Coenzyme Q10 (CoQ10) is an essential component of the mitochondrial respiratory chain and an important scavenger of reactive oxygen species. Low levels are found in individuals with reduced energy expenditure, cardiac and skeletal muscle dysfunction, and mitochondrial disorders, many of these manifestations are seen in individuals with Prader-Willi syndrome (PWS). In addition, CoQ10 supplementation frequently is given to individuals with this syndrome. To determine if CoQ10 levels are decreased in PWS, we studied plasma CoQ10 levels in 16 subjects with PWS, 13 with obesity of unknown cause, and 15 subjects without obesity but of similar age and compared with body composition. Plasma CoQ10 levels were significantly decreased (P < 0.05), using several statistical approaches in subjects with PWS (0.45 +/- 0.16 microg/ml), compared to subjects without obesity (0.93 +/- 0.56 microg/ml), but not different from subjects with obesity (0.73 +/- 0.53 microg/ml). When plasma CoQ10 was normalized relative to cholesterol, triglyceride, and creatinine levels and fat and lean mass [determined by dual energy X-ray absorptiometry (DEXA)] in the subjects with either PWS or obesity, no significant differences were observed. However, a lower muscle mass was found in the PWS subjects.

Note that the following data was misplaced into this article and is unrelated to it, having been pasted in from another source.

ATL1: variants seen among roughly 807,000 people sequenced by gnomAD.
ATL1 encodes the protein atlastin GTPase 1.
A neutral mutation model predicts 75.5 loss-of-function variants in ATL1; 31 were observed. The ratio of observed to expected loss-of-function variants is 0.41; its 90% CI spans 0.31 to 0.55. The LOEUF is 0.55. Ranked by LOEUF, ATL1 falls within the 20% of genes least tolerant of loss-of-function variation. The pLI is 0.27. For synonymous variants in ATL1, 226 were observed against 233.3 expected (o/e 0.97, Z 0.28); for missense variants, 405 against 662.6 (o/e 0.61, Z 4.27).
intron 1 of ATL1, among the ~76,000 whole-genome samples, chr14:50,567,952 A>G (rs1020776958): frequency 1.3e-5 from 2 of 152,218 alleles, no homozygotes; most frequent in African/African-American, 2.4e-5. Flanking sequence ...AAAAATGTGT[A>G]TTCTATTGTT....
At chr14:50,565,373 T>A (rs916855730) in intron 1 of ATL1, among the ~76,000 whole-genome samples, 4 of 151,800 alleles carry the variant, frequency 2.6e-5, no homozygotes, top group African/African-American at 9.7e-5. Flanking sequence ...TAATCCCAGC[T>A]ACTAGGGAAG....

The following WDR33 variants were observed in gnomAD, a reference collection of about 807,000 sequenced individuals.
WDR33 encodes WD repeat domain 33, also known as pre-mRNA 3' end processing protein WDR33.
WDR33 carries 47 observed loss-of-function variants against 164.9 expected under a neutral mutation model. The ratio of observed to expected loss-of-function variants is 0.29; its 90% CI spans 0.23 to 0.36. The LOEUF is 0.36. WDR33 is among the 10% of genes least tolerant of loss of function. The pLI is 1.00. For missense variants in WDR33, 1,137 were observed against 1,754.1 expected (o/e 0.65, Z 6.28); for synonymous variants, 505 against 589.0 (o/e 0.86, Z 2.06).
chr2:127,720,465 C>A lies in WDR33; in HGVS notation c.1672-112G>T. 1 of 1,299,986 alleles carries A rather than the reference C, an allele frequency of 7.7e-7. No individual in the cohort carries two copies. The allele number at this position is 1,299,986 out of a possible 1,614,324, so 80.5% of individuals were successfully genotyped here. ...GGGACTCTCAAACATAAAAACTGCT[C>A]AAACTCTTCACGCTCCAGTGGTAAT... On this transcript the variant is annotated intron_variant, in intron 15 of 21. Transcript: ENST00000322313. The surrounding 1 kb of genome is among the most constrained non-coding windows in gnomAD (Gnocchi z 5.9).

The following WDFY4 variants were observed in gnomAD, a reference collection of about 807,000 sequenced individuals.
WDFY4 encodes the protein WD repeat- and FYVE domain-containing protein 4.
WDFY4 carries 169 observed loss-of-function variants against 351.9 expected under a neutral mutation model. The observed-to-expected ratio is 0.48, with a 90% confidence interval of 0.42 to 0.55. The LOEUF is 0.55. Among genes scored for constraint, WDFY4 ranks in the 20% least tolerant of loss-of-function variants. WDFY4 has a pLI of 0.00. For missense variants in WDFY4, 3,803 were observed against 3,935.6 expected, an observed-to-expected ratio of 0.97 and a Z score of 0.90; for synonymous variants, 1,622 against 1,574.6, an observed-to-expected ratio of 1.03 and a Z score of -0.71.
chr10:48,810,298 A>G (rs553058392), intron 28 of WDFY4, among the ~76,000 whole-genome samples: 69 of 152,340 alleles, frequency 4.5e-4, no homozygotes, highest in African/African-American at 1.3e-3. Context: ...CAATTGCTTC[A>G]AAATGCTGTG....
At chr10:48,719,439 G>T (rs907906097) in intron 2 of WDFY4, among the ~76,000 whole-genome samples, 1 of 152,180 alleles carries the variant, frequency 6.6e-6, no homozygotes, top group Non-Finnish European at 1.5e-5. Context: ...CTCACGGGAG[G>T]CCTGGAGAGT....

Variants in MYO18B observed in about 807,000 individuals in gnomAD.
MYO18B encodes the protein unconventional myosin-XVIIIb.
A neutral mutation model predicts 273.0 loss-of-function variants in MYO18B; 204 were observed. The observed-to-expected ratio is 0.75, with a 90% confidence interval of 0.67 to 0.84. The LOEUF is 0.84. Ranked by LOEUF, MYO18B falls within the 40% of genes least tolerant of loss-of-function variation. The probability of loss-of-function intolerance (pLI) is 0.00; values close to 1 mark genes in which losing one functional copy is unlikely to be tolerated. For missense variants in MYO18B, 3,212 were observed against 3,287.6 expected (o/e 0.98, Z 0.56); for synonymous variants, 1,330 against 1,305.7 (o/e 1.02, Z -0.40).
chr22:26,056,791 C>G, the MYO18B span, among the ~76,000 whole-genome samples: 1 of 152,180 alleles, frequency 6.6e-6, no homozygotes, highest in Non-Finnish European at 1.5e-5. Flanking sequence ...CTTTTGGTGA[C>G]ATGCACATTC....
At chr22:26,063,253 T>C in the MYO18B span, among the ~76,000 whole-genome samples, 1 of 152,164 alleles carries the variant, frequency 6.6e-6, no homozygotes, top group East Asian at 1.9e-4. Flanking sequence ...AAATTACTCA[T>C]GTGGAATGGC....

Copyright 2003 Wiley-Liss, Inc.